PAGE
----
Two senior U.S. Cabinet members urged senators on Nov. 28 not to downgrade ties with Saudi Arabia over the murder of Saudi journalist Jamal Khashoggi.
Secretary of State Mike Pompeo and Defense Secretary Gen. Jim Mattis said there’s no hard evidence that Crown Prince Mohammed bin Salman was behind the killing.
“We have no smoking gun the crown prince was involved, not the intelligence community or anyone else. There is no smoking gun,” Mattis told reporters at the Pentagon.
Mattis said he has read all the U.S. intelligence reports about the incident and a transcript of what is believed to be an audio recording of the killing.
After repeated calls from some members of Congress for a strong U.S. response to Khashoggi’s death, both Mattis and Pompeo briefed the Senate behind closed doors about Saudi Arabia, the Oct. 2 murder of Khashoggi and the war in Yemen. Echoing similar comments from President Donald Trump, they said downgrading U.S. ties with ally Saudi Arabia would harm national security.
Pompeo acknowledged to the lawmakers that the Yemen conflict—in which Saudi Arabia is involved—has taken a terrible toll on civilians, but argued that the Saudis provide an important counterweight to Iran in the region.
“More broadly, degrading ties with Saudi Arabia would be a grave mistake for U.S. national security, and that of our allies,” Pompeo said in prepared remarks to the Senate. “The kingdom is a powerful force for stability in an otherwise fraught Middle East.”
Pompeo told reporters after the briefing that there’s no direct evidence connecting Crown Prince Mohammed bin Salman to Khashoggi’s murder.
However, Pompeo and Mattis didn’t seem to sway leading Senate foreign-policy voices, including some of Trump’s fellow Republicans, who said they believed taking no action would send a more dangerous message to the world.
Senate Foreign Relations Committee Chairman Bob Corker (R-Tenn.) warned that Congress would act if the administration doesn’t.
“I think 80 percent of the people left the hearing this morning not feeling like an appropriate response has been forthcoming,” Corker said.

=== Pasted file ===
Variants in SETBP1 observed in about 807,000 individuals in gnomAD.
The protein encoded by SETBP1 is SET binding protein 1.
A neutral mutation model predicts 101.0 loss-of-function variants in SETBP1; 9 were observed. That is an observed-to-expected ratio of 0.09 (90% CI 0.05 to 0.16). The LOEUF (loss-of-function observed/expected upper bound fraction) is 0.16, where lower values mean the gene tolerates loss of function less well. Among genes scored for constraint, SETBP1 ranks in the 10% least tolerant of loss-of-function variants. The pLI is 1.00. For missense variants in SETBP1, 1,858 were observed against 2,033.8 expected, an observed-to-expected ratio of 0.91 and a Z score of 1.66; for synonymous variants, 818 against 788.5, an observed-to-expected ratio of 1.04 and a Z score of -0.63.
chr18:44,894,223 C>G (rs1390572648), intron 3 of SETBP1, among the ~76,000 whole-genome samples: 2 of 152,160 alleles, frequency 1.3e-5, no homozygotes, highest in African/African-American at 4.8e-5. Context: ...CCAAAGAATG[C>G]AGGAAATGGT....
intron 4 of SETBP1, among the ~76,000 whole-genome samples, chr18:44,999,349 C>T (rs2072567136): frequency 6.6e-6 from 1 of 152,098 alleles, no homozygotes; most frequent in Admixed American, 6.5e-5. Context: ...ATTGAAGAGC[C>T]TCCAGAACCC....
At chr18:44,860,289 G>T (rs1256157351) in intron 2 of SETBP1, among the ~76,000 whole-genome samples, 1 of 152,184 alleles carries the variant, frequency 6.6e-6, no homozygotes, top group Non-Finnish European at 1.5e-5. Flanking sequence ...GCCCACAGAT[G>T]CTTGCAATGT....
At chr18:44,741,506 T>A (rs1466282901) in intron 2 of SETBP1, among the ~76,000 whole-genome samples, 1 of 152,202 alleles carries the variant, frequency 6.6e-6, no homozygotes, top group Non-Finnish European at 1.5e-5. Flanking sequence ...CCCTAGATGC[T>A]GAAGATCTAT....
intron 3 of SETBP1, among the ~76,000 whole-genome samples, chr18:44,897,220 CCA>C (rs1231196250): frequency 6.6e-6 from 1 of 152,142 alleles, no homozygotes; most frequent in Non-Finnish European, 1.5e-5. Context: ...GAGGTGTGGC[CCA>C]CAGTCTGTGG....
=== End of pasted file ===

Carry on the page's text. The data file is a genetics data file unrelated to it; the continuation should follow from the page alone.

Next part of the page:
The Senate was considering a resolution later on Nov. 28 that would stop U.S. refueling and other support for the Saudi-led campaign in Yemen.
Trump vowed last week to remain a “steadfast partner” of Saudi Arabia and said it wasn’t clear if the prince knew about the plan to kill Khashoggi.
Sen. Lindsey Graham (R-S.C.), who has been one of Trump’s closest congressional allies, said he wanted to know whether the CIA assessment supports his belief that the killing couldn’t have happened without the prince’s knowledge.
Graham said he would withhold his vote on any key issue, including must-pass spending bills, until the CIA briefs senators about Khashoggi’s killing. When asked if he had told Trump as much, Graham said, “I just did.”
Saudi Arabia and other Gulf Arab states have been battling in Yemen since 2015 to restore a government that was driven out by the Houthis, Shiite Muslim fighters that Yemen’s neighbors view as agents of Iran. The war has killed more than 10,000 people and created the world’s most-urgent humanitarian emergency.
Pompeo said the United States would provide an additional $131 million for food aid in Yemen.
Mattis said pulling back U.S. military support in Yemen and stopping weapons sales to important partners would be misguided.
“Our security interests cannot be dismissed,” Mattis said, even as Washington seeks accountability for Khashoggi’s murder, a crime which “our country does not condone.”
The crown prince arrived in Buenos Aires, Argentina, on Nov. 28 for a summit of G-20 nations.
Reuters contributed to this report.